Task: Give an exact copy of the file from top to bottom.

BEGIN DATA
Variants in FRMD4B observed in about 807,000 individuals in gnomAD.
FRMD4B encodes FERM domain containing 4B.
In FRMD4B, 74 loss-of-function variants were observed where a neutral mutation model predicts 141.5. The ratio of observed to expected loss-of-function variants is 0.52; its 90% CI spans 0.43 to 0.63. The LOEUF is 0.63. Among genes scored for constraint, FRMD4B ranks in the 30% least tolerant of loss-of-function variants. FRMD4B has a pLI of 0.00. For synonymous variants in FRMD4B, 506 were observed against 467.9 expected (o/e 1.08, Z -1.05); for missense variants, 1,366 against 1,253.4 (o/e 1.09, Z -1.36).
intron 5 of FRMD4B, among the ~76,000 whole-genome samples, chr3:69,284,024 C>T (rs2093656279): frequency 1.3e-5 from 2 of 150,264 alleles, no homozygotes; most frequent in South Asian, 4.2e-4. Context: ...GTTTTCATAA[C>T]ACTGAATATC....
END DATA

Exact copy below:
Variants in FRMD4B observed in about 807,000 individuals in gnomAD.
FRMD4B encodes FERM domain containing 4B.
In FRMD4B, 74 loss-of-function variants were observed where a neutral mutation model predicts 141.5. The ratio of observed to expected loss-of-function variants is 0.52; its 90% CI spans 0.43 to 0.63. The LOEUF is 0.63. Among genes scored for constraint, FRMD4B ranks in the 30% least tolerant of loss-of-function variants. FRMD4B has a pLI of 0.00. For synonymous variants in FRMD4B, 506 were observed against 467.9 expected (o/e 1.08, Z -1.05); for missense variants, 1,366 against 1,253.4 (o/e 1.09, Z -1.36).
intron 5 of FRMD4B, among the ~76,000 whole-genome samples, chr3:69,284,024 C>T (rs2093656279): frequency 1.3e-5 from 2 of 150,264 alleles, no homozygotes; most frequent in South Asian, 4.2e-4. Context: ...GTTTTCATAA[C>T]ACTGAATATC....